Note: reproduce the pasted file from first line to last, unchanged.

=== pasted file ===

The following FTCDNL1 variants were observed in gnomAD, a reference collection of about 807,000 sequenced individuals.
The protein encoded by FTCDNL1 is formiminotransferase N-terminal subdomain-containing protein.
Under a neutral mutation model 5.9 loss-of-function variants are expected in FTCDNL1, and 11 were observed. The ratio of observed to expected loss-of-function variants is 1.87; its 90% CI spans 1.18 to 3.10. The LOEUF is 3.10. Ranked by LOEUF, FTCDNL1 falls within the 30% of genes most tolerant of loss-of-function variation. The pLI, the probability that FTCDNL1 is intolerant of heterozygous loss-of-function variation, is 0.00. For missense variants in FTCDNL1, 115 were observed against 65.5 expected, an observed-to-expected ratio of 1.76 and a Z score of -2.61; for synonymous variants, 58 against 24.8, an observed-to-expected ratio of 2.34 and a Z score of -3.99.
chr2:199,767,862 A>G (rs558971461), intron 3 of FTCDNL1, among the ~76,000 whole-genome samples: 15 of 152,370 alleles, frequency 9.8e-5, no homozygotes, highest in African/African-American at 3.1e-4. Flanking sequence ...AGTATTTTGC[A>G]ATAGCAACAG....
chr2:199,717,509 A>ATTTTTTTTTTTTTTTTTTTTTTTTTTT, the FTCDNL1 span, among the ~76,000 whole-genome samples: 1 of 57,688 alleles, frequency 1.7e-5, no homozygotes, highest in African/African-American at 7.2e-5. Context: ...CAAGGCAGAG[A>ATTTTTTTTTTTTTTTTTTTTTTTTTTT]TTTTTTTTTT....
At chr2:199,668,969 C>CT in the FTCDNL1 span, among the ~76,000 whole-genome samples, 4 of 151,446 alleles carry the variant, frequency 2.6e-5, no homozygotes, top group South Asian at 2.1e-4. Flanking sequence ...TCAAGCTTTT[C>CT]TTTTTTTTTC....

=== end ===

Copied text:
The following FTCDNL1 variants were observed in gnomAD, a reference collection of about 807,000 sequenced individuals.
The protein encoded by FTCDNL1 is formiminotransferase N-terminal subdomain-containing protein.
Under a neutral mutation model 5.9 loss-of-function variants are expected in FTCDNL1, and 11 were observed. The ratio of observed to expected loss-of-function variants is 1.87; its 90% CI spans 1.18 to 3.10. The LOEUF is 3.10. Ranked by LOEUF, FTCDNL1 falls within the 30% of genes most tolerant of loss-of-function variation. The pLI, the probability that FTCDNL1 is intolerant of heterozygous loss-of-function variation, is 0.00. For missense variants in FTCDNL1, 115 were observed against 65.5 expected, an observed-to-expected ratio of 1.76 and a Z score of -2.61; for synonymous variants, 58 against 24.8, an observed-to-expected ratio of 2.34 and a Z score of -3.99.
chr2:199,767,862 A>G (rs558971461), intron 3 of FTCDNL1, among the ~76,000 whole-genome samples: 15 of 152,370 alleles, frequency 9.8e-5, no homozygotes, highest in African/African-American at 3.1e-4. Flanking sequence ...AGTATTTTGC[A>G]ATAGCAACAG....
chr2:199,717,509 A>ATTTTTTTTTTTTTTTTTTTTTTTTTTT, the FTCDNL1 span, among the ~76,000 whole-genome samples: 1 of 57,688 alleles, frequency 1.7e-5, no homozygotes, highest in African/African-American at 7.2e-5. Context: ...CAAGGCAGAG[A>ATTTTTTTTTTTTTTTTTTTTTTTTTTT]TTTTTTTTTT....
At chr2:199,668,969 C>CT in the FTCDNL1 span, among the ~76,000 whole-genome samples, 4 of 151,446 alleles carry the variant, frequency 2.6e-5, no homozygotes, top group South Asian at 2.1e-4. Flanking sequence ...TCAAGCTTTT[C>CT]TTTTTTTTTC....